One aspect of using the Non-Linear Music Production technique that I want to share with you involves two simple, and easy to follow tips with big benefits – we’re going to focus on just beats or melodies – this going to upgrade your productivity in the studio and it’s extremely effective in reducing writer’s block.  

Statistics show that in February the number of people known to be stuck facing writer’s block is often on the rise. We can blame long cold winters for being partly to blame, yet there’s also a few things that can lead to this, such as:

  • Fatigue. A lack of warm sunlight and an increase of time spent indoors.
  • Overworking. If you’ve fallen into a routine of day job, followed by study, then music production at the end of a long day, or as the last part of a long day, you might fall in the trap of overdoing it, and becoming unproductive.
  • Lack of distance. Writer’s block is often a sign of creative burn out and is a clear sign you need distance from what you’re working on. If you’ve over exposed yourself to the same kind of creative work, you might need to dip into something new to get refreshed, which is what this blog post is all about.

To make your best beats and melodies, give yourself the freedom to produce in a deconstructed way. Break the mould.

Part of the problem of falling into a slump comes in believing that to make music, you need to begin writing your song in a linear way, which is starting from the very beginning, working up to the middle, and following through until the end of the track. Perhaps, before approaching your next track with that mindset, consider embracing a different way to think about your time in the studio.

Setting yourself little goals are simple and bring back the fun in making music.

One of the ways to get your track really grooving early is to work on one element of your track only. Get started making just the beat, or melody. The task of concentrating on just one element of your production will take off a big part of the pressure in trying to finish something bigger. Another benefit to working and focusing on one element at a time is that doing so lends itself to experimentation, play, and an appreciation to those sounds on their own. You can even roll back one step before  approaching this and practice on sound design alone if you feel like making beats or melodies isn’t working for you right now.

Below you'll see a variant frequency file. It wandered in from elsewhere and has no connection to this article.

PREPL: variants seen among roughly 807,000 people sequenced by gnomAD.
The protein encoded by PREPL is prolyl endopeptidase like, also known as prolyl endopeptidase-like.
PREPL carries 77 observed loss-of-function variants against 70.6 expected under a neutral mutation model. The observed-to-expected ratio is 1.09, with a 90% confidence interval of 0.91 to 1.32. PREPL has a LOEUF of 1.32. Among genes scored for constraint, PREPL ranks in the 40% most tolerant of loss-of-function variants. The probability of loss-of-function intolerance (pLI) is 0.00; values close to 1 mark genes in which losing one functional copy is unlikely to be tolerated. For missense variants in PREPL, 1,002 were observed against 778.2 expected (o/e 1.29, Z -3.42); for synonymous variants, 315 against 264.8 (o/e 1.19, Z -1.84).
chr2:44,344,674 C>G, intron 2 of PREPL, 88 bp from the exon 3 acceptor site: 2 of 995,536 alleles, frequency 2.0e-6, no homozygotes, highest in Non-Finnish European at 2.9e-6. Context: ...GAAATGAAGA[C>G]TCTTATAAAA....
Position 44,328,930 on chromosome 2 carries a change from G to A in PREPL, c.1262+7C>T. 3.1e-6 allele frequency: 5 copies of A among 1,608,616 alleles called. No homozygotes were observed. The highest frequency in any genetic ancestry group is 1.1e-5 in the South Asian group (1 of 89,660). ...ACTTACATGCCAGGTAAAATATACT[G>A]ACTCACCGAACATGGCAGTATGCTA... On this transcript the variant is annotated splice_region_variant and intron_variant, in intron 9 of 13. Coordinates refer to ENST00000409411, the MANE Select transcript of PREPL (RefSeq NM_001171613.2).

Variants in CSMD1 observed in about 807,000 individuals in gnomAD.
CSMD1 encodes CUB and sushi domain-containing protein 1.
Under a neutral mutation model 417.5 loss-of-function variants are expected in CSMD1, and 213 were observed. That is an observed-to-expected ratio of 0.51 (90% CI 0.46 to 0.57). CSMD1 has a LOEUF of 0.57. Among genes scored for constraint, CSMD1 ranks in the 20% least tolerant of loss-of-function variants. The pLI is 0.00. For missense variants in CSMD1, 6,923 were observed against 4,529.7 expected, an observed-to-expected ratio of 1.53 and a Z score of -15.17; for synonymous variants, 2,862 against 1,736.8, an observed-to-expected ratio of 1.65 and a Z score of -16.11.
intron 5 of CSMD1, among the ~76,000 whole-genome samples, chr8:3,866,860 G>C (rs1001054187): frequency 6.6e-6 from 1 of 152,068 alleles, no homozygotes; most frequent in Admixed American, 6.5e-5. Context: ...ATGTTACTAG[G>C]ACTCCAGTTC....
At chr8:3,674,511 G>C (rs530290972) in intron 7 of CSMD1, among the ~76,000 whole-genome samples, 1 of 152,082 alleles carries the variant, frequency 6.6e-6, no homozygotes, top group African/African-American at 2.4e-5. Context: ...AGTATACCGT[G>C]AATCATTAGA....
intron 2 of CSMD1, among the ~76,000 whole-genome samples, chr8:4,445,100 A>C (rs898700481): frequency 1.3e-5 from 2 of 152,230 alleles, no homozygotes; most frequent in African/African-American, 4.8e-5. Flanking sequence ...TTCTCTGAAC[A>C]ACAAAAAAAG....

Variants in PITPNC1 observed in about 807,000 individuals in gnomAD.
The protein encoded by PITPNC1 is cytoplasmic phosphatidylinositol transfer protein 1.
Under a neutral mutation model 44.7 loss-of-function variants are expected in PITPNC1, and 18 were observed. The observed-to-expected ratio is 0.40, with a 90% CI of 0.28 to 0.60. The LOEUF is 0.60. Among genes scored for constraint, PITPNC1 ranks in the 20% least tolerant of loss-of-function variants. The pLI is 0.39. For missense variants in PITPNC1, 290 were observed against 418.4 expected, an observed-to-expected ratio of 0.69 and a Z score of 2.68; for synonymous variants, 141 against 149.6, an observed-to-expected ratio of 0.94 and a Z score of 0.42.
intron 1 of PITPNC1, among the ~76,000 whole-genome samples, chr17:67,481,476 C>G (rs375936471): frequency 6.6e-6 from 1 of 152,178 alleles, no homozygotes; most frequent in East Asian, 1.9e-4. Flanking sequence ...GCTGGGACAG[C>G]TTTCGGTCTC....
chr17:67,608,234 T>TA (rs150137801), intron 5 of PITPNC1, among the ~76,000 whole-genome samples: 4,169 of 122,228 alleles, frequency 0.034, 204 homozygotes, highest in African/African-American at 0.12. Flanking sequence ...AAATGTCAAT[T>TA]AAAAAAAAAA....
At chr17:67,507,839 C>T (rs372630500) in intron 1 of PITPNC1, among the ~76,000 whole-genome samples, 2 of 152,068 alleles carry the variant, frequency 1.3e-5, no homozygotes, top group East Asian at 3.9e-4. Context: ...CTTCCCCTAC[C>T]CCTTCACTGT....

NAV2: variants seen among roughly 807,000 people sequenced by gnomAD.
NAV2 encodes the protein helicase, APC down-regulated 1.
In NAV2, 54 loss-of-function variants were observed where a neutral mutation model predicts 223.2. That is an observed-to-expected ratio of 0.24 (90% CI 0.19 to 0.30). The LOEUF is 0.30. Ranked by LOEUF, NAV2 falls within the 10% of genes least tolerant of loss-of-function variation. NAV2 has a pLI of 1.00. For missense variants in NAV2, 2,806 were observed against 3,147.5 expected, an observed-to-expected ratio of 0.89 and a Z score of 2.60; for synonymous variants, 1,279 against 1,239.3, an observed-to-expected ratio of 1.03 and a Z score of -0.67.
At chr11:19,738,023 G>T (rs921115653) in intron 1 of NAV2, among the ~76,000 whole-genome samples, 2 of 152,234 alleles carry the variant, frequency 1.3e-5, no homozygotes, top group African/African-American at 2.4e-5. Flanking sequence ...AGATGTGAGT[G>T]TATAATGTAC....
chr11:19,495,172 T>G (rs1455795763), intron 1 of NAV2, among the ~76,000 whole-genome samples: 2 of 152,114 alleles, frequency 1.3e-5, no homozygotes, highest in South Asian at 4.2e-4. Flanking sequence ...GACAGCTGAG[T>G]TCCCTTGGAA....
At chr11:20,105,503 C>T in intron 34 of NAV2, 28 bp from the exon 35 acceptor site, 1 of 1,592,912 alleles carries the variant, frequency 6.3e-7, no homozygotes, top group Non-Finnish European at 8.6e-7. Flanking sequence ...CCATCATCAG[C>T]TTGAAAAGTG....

Do you often sit in front of your computer and imagine yourself putting that loop into it’s final song-form, and think abo ut everything you need to do to get there? This can often be discouraging, and prevent you from making great music.There’s some debate on what should be done first when starting a production. Some artists admit they can’t do a beat if they don’t have a melody or vice versa. My personal view on that is quite simple, if you can only make music in a certain method, it’s time for you to break that to avoid falling into dependencies, which can hurt your music making progress.

To make your next session super productive let’s do a bit of preparation – there’s so much you can outsource from these next few steps. 

  1. Make a folder with today’s date.
  2. You’ll be saving your project in there as well as anything related.
  3. Get yourself a timer. I highly suggest that you limit your time on only ONE task. Focusing on only ONE element of your track will speed up your productivity, and make sure your aren’t spending time on less important details.

Making beats. With the premise that we’re using Ableton here, there’s no good or bad way to make beats. But I invite you to explore a mixture of midi use vs simple audio assembling in the arranger.

Let’s see a few important points you can apply to make these beats:

  • Sample selection. At this moment having the perfect sample is not important. I’ve seen students of mine loosing tremendous time looking for a kick while it’s actually the last thing you should be deciding. Tip: Use a simple 808 kick to start with, and swap it later.ableton live, step sequencing, patterns, beatsStep sequencing: Change the grid going from 1/4 for the main beats to fiddle to details with a 1/32. Tip: